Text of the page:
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Why Hasn’t the U.S. Cracked Down on Hizballah in Latin America?

April 17 2018

The Iran-backed Lebanese terrorist organization Hizballah maintains an extensive network in South and Central America, where it plans attacks, engages in money laundering, and, most importantly, runs a major drug-smuggling operation that it uses to finance its military operations. During the Obama administration, a major American effort to unravel Hizballah’s illicit activities in the Western hemisphere was rolled back, most likely in pursuit of accommodation with Iran. Emanuele Ottolenghi argues that Washington must get tough with the jihadist group:

The White House has to show that it is prepared to take the lead by designating Hizballah . . . a Transnational Criminal Organization under U.S. law. . . . Although the Hizballah International Finance Prevention Act of 2015 required that the White House determine whether Hizballah meets the criteria for [this] designation, the Obama administration declined to do so. Both the House of Representatives and the Senate have passed legislation seeking to spur the executive branch into action, while giving its agencies sharper tools to go after the terror group. Yet the administration has not acted. . . .

To date, no Latin American country has designated Hizballah as a terrorist organization. . . . However, the United States can achieve much of the same effect [merely] by persuading other countries to recognize Hizballah as a narco-trafficking threat under their own laws. Yet for that request to be credible, the U.S. must do so first. . . .

[Take, for example, the] Ayman Joumaa network in Colombia, which laundered drug proceeds through a complex scheme involving used-car businesses in the United States and customers in West Africa. The Eastern District of Virginia indicted Joumaa in 2011 based on Drug Enforcement Agency evidence, but he remains at large. Even after the Joumaa case uncovered the prominent role of used-car sales, they remain an important part of Hizballah’s money-laundering schemes through West Africa. . . .

[T]he evidence accumulated over a decade of investigations in the United States and abroad makes a damning case for passing tougher legislation against Hizballah’s terror-crime nexus, and an even more compelling one for a Transnational Criminal Organization designation. What is President Trump waiting for?

Read more at Foreign Policy

More about: Drugs, Hizballah, Iran, Latin America, U.S. Foreign policy

What U.S. Success in Syria Should Look Like

April 26 2018

Surveying the history of the Syrian civil war, Jack Keane and Danielle Pletka explain that Bashar al-Assad’s brutal rule and vicious tactics have led to the presence in his country of both Shiite terrorists, led by Hizballah and backed by Iran and Russia, and Sunni jihadist groups like Islamic State (IS) and al-Qaeda. Any American strategy, they argue, must bear this in mind:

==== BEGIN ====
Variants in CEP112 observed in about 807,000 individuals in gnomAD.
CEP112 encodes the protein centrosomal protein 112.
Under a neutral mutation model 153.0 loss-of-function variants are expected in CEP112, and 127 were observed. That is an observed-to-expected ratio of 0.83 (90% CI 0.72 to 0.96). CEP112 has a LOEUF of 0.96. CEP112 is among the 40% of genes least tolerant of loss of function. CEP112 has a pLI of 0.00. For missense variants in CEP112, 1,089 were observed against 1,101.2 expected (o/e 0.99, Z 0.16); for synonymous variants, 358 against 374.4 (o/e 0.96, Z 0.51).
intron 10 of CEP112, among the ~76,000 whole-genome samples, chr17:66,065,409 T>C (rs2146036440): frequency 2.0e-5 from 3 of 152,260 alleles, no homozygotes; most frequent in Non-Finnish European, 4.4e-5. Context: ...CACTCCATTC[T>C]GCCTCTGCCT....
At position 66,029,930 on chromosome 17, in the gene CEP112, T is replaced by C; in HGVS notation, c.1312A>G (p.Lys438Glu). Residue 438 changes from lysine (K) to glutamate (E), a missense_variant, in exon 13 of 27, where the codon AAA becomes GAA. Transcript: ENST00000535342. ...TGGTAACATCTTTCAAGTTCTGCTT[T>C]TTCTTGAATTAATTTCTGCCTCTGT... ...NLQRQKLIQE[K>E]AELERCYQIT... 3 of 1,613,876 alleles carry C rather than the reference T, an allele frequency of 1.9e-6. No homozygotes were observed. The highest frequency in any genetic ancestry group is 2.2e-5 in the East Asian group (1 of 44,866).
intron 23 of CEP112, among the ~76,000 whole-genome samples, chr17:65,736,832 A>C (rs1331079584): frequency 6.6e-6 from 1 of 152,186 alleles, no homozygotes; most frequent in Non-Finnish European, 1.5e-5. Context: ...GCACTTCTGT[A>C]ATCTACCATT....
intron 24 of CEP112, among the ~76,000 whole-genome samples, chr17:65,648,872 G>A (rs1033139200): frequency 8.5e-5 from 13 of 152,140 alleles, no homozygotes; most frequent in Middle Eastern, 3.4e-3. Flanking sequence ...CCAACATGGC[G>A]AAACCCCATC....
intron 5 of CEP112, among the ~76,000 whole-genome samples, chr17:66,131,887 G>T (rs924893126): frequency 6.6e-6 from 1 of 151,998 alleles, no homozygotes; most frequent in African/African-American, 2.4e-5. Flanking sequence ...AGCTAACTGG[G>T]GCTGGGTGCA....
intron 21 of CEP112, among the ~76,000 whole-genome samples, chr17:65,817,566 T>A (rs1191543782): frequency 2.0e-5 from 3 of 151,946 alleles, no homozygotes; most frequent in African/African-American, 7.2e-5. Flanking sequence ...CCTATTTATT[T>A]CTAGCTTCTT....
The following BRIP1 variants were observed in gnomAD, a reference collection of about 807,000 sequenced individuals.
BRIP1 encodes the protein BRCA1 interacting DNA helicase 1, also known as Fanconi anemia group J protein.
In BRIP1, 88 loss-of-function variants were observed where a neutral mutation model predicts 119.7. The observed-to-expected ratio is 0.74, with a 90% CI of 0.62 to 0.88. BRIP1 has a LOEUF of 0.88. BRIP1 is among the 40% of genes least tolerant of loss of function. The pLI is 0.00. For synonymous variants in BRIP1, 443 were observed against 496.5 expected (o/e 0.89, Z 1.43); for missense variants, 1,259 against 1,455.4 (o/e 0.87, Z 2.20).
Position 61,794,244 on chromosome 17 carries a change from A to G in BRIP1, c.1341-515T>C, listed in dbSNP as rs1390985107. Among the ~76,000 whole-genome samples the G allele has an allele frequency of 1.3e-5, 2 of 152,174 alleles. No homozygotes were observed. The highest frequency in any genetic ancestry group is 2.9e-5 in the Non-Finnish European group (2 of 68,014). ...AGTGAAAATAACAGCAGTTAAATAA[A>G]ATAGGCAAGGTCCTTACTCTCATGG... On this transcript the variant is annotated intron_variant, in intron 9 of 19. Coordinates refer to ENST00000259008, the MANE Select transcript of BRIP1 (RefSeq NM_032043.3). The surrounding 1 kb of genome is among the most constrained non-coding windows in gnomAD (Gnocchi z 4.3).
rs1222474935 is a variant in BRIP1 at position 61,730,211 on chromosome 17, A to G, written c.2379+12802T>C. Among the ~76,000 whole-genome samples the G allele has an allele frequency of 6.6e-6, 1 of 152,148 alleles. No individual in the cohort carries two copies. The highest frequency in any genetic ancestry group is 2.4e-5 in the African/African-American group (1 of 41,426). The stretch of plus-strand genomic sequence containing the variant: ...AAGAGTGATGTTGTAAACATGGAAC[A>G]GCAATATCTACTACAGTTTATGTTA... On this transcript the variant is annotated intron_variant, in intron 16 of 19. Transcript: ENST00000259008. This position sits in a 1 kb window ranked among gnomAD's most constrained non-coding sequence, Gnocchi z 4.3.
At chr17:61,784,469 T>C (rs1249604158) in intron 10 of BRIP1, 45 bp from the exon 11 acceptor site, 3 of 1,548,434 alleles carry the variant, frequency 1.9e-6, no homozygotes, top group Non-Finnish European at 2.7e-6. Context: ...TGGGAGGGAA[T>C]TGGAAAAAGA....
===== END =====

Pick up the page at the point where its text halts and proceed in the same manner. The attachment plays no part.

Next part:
The best option is a Syria without Assad, committed to a future without Iranian or Russian influence. This is not a Pollyanna-like prescription; there are substantial obstacles in the way, not least those we have encountered in Iraq. . . . [But] only such a Syria can guarantee an end to Iranian interference, to the transshipment of weapons for Hizballah, and to the proliferation of weapons of mass destruction of the kind we saw used at Douma. (Iran has been instrumental in Syria’s chemical-weapons program for many years.) And, most importantly, only such a Syria can disenfranchise the al-Qaeda and IS affiliates that have found a foothold by exploiting the Syrian people’s desperation.

How do we get there? The United States must first consolidate and strengthen its position in eastern Syria from the Euphrates river to the eastern Syrian border. This involves clearing out the remnants of Islamic State, some several thousand, and ultimately eliminating pockets controlled by the Assad regime and Iranian forces in northeastern Syria. This would enable the creation of a control zone in the eastern part of the country as a base from which to build a credible and capable partner that is not subordinate to the Kurdish chain of command, while effectively shutting down Iran’s strategic land bridge from Iran to the Mediterranean. A regional Arab force, reportedly suggested by President Trump’s new national-security adviser, would be a welcome addition. But we should seriously doubt [the Arabs] will participate without American ground leadership and air support.

In western Syria, the United States should rebuild a Syrian opposition force with advisers, weapons, and air power while upping the pressure on Assad and his cronies to select a pathway to a negotiated peace. Pursuing a settlement in Geneva without such leverage over the Assad regime is pure fantasy. Finally, the United States and other Western powers must impede Iran’s and Russia’s ability to be resupplied. Syria’s airfields must be destroyed, and Syria’s airspace must remain clear.

Read more at National Interest

More about: Hizballah, Iran, ISIS, Politics & Current Affairs, Russia, Syrian civil war, U.S. Foreign policy